Penn-Can Mall in Cicero, NY: From Iconic Shopping Destination to Driver’s Village

A Nostalgic Look at Penn-Can Mall

Let’s embark on a nostalgic journey back to the Penn-Can Mall, an iconic shopping destination in Cicero, New York. When it opened in 1976, the mall quickly became a gathering spot for locals and a symbol of community life.

Developed by Eagan Real Estate and owned by the Winmar Company, Penn-Can Mall initially featured 86 stores, with 28 opening alongside the mall. Over the years, the mall grew in size and popularity, boasting an impressive 121 stores after a significant expansion in 1986.

A key feature of the mall was the charming European clock in the center court, which now holds a special place in the hearts of the locals who spent countless hours there.

Penn-Can Mall’s Early Years and Expansion

From its opening in 1976 to its closure in 1996, Penn-Can Mall went through significant changes, adapting to the evolving retail landscape and the needs of its customers. Initially designed as a straight-line structure, it later transformed into a “T” shape following the 1986 expansion.

Over the years, the mall was anchored by popular stores such as Sears, Chappell’s, Hills, Addis & Company, and Dey Brothers. Shoppers could also enjoy a three-screen movie theater for entertainment.

The 1986 expansion brought even more excitement to the mall, as the number of stores increased to 121. In addition, the mall introduced a more intimate upper level featuring a selection of quaint shops and a Loews Cinema, greatly enriching the overall shopping experience.

The Impact of New Competitors

Despite its initial success, Penn-Can Mall faced stiff competition from other shopping centers that emerged in the region. In 1988, Wilmorite built the Great Northern Mall in Clay, which led to both Sears and Chappell’s relocating.

The opening of the Carousel Center by The Pyramid Companies in 1990 only added to the pressure. Penn-Can Mall started to show signs of decline as the competition grew more vigorous.

In response to these challenges, several changes took place at Penn-Can Mall. First, Steinbach and Caldor replaced Sears and Chappell’s, respectively.

Then, after Steinbach closed, it was replaced by Burlington Coat Factory in 1993. Subsequently, Caldor took over Chappell’s spot a year later, in line with the expansion of Caldor stores across other Wilmorite properties.

Wilmorite’s Plans and the Mall’s Closure

In 1994, Wilmorite unveiled plans to tear down the main mall structure, leaving just the Burlington Coat Factory, Hills, and Caldor stores standing. The proposed projects involved replacing the mall with a power center that would house an undisclosed big box home improvement store and a movie theater managed by Regal Cinemas.

The mall ultimately shut down in 1996, with the Hills store remaining operational until the chain’s closure in 1999. It was replaced by Ames, which remained open until 2002, and Burlington, which remained until 2016.

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The Birth of Driver’s Village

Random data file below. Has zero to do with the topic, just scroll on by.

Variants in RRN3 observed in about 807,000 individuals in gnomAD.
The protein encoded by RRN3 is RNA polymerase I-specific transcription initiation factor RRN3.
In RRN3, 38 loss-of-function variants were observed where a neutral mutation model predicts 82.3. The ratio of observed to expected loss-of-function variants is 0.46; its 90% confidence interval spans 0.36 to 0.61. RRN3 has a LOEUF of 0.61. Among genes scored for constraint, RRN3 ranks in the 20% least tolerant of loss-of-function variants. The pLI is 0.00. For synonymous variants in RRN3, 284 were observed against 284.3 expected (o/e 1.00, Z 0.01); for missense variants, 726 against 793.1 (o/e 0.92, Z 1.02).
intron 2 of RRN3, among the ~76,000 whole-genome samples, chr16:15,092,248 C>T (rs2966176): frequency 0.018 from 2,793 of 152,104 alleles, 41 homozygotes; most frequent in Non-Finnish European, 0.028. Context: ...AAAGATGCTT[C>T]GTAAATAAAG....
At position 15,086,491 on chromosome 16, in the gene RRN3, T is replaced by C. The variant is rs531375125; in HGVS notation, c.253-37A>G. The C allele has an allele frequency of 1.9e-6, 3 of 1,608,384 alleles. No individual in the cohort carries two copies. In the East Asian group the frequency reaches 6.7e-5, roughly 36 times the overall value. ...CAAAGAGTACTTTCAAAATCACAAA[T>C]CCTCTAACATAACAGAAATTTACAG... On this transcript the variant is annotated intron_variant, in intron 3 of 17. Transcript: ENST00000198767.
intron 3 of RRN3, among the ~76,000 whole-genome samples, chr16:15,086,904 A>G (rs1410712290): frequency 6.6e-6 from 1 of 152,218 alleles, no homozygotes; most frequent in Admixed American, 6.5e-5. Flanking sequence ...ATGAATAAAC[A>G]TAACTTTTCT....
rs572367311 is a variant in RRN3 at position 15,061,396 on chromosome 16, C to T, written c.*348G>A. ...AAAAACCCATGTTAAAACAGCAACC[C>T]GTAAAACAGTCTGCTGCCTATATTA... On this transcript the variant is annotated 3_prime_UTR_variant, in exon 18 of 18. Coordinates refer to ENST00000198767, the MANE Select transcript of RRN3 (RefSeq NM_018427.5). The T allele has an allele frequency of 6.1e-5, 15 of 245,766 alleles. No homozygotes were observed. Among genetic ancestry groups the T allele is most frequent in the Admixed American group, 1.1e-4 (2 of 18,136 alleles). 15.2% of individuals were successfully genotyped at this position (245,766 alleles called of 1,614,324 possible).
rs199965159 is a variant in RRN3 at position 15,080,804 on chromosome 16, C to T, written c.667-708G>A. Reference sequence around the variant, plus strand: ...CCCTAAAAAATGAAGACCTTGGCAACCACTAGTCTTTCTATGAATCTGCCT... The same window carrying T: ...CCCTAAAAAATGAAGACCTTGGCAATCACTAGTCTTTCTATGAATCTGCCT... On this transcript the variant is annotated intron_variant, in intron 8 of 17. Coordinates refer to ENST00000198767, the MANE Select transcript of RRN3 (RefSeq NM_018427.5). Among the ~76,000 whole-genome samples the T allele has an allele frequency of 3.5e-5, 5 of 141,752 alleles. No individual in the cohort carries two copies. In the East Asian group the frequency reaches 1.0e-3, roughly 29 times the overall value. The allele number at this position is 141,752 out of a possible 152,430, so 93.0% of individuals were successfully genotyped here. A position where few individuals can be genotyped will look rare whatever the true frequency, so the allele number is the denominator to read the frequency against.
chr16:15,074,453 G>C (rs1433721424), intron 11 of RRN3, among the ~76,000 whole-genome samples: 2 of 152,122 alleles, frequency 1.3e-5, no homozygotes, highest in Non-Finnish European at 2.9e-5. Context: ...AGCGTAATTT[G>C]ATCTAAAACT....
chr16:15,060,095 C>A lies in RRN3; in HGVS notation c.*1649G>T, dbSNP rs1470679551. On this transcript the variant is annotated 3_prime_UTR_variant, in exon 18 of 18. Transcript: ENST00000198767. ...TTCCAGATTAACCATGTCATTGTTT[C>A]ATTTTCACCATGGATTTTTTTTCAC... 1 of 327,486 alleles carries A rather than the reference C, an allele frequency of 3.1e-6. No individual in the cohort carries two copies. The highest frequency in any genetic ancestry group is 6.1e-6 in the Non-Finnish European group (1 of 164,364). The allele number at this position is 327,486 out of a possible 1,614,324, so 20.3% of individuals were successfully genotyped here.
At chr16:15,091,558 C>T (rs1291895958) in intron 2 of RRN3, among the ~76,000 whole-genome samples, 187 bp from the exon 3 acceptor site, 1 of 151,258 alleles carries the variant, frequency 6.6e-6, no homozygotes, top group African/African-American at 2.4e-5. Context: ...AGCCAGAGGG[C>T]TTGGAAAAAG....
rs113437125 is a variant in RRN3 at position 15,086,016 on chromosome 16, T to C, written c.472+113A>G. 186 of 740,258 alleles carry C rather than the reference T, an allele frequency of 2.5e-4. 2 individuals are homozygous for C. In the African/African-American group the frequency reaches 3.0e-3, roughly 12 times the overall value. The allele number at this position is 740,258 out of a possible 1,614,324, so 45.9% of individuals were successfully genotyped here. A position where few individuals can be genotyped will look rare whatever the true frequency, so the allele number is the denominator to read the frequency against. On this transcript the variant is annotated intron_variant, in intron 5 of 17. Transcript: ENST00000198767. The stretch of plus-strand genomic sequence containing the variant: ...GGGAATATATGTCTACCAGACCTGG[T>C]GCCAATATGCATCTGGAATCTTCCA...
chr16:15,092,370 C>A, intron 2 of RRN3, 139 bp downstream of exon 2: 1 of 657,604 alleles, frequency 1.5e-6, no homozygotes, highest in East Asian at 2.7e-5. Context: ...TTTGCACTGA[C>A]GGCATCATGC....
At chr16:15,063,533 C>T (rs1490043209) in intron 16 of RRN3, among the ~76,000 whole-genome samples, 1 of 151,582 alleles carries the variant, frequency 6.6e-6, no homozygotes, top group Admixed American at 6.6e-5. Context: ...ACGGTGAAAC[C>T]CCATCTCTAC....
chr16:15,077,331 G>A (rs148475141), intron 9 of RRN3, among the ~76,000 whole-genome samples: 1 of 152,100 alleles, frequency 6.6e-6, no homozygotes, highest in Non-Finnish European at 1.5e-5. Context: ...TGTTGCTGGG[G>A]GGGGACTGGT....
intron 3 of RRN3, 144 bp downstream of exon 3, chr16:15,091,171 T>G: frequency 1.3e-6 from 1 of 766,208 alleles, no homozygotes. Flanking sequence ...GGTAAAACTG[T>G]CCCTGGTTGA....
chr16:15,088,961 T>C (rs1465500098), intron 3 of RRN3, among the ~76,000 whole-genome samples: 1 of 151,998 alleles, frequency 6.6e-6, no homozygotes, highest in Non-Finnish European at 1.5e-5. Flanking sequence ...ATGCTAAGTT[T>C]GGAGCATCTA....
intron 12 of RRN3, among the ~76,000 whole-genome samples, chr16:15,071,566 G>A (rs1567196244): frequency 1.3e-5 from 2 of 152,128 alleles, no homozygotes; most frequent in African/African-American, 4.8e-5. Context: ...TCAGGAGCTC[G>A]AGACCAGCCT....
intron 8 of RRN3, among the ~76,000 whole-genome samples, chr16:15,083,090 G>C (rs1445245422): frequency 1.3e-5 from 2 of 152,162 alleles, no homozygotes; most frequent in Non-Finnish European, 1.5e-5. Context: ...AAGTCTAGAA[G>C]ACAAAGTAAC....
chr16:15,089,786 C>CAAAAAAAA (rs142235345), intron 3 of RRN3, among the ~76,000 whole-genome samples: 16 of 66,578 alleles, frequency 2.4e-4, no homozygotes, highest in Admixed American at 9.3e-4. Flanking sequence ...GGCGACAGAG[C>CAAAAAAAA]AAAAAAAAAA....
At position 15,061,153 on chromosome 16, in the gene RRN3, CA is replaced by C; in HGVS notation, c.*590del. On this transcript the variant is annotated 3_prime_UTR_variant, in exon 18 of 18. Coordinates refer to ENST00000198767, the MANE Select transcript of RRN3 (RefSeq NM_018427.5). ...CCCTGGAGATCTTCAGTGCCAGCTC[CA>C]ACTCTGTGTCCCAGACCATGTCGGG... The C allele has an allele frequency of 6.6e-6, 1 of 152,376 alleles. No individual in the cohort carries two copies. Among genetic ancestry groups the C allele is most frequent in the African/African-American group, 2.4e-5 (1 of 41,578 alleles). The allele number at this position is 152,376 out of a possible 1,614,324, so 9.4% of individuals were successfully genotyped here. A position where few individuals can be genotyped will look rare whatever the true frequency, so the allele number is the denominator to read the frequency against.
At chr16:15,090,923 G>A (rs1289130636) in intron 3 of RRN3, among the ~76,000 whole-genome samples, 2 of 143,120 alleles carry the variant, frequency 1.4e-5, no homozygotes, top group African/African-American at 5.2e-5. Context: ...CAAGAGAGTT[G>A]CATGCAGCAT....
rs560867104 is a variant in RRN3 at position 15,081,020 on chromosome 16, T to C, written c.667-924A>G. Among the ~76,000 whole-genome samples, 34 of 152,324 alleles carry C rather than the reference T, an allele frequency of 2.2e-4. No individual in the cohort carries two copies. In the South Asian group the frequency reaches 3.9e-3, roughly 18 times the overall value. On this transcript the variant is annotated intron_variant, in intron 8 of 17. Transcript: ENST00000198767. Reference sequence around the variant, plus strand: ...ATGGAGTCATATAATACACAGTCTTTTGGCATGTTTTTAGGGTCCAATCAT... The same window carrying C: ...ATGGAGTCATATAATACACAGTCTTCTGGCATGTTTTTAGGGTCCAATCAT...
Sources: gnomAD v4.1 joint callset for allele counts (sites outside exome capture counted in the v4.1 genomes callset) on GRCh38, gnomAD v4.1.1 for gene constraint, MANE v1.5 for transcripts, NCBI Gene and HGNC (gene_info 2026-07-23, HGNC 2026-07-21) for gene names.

In the early 2000s, local auto dealer Roger Burdick bought the old mall and began converting it into an auto mall called Driver’s Village.

Robertson Strong Apgar Architects spearheaded the redesign, which led to demolishing the old Sears and Ames wings. The rest of the structure was gutted, save for the hallway and the eastern part of the 1986 wing.

A Modern Auto Mall

Driver’s Village is now home to showrooms and service centers for 16 auto brands, including Audi, Buick, Chrysler, Chevrolet, Dodge, GMC, Jeep, Fiat, Kia, Lincoln, Mitsubishi, Mazda, Nissan, Ram, Porsche, and Volkswagen. Four additional franchises—Lexus, BMW, Hyundai, and Toyota—operate from separate buildings on the property.

The transformation of Penn-Can Mall into Driver’s Village was a strategic move as the demand for automotive showrooms and services rose. As a result, the new auto mall has become a one-stop destination for locals looking to buy, sell, or service their vehicles.

Driver’s Village: More Than Just Cars

Although Driver’s Village primarily serves as an automotive center, it also offers various services and attractions for locals. Retail is still alive and well within the complex, with a cafe, a catering company, and a children’s party location, providing visitors with diverse experiences.

Driver's Village
Driver’s Village

The complex also houses real estate, insurance, financial, and tax service offices, catering to the community’s various needs. In addition, health-conscious visitors can take advantage of the Aspen Athletic Club, while sports enthusiasts can explore the Greater Syracuse Sports Hall of Fame.

The Legacy of Penn-Can Mall

The story of Penn-Can Mall is one of growth, adaptation, and transformation. From its humble beginnings as a local shopping center to its current role as a bustling auto mall and community hub, the complex has evolved and stayed relevant in changing times and consumer preferences.

The memories of the old Penn-Can Mall, with its European clock and countless shopping experiences, still hold a special place in the hearts of Cicero’s residents. The legacy of the mall lives on in the form of Driver’s Village, which continues to serve the community in new and innovative ways.

Conclusion

The history of Penn-Can Mall is a testament to the resilience and adaptability of Cicero’s community. The transformation of the mall into Driver’s Village demonstrates how a once-beloved shopping destination can evolve to meet the changing needs of its patrons while preserving its nostalgic charm.

Today, Driver’s Village is a thriving center of commerce and community engagement, ensuring that the spirit of Penn-Can Mall lives on.

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